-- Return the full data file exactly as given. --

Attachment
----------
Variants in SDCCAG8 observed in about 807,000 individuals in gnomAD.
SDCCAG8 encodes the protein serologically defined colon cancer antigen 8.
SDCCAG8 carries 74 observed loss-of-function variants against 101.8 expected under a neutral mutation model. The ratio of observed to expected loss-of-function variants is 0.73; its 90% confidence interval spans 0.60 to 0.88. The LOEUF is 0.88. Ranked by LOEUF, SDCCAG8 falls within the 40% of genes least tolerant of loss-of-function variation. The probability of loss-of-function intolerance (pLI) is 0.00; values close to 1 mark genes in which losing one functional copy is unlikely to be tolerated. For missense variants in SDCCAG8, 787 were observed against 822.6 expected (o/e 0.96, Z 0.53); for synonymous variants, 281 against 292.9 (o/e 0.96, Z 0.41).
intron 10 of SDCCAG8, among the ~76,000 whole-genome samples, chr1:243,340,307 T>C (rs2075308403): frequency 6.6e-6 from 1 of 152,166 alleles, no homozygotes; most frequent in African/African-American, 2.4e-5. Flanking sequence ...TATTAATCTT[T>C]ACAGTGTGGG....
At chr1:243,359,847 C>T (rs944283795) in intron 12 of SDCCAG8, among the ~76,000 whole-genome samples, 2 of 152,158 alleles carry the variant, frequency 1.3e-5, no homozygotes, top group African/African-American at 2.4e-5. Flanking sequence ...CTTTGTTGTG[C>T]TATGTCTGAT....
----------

Variants in SDCCAG8 observed in about 807,000 individuals in gnomAD.
SDCCAG8 encodes the protein serologically defined colon cancer antigen 8.
SDCCAG8 carries 74 observed loss-of-function variants against 101.8 expected under a neutral mutation model. The ratio of observed to expected loss-of-function variants is 0.73; its 90% confidence interval spans 0.60 to 0.88. The LOEUF is 0.88. Ranked by LOEUF, SDCCAG8 falls within the 40% of genes least tolerant of loss-of-function variation. The probability of loss-of-function intolerance (pLI) is 0.00; values close to 1 mark genes in which losing one functional copy is unlikely to be tolerated. For missense variants in SDCCAG8, 787 were observed against 822.6 expected (o/e 0.96, Z 0.53); for synonymous variants, 281 against 292.9 (o/e 0.96, Z 0.41).
intron 10 of SDCCAG8, among the ~76,000 whole-genome samples, chr1:243,340,307 T>C (rs2075308403): frequency 6.6e-6 from 1 of 152,166 alleles, no homozygotes; most frequent in African/African-American, 2.4e-5. Flanking sequence ...TATTAATCTT[T>C]ACAGTGTGGG....
At chr1:243,359,847 C>T (rs944283795) in intron 12 of SDCCAG8, among the ~76,000 whole-genome samples, 2 of 152,158 alleles carry the variant, frequency 1.3e-5, no homozygotes, top group African/African-American at 2.4e-5. Flanking sequence ...CTTTGTTGTG[C>T]TATGTCTGAT....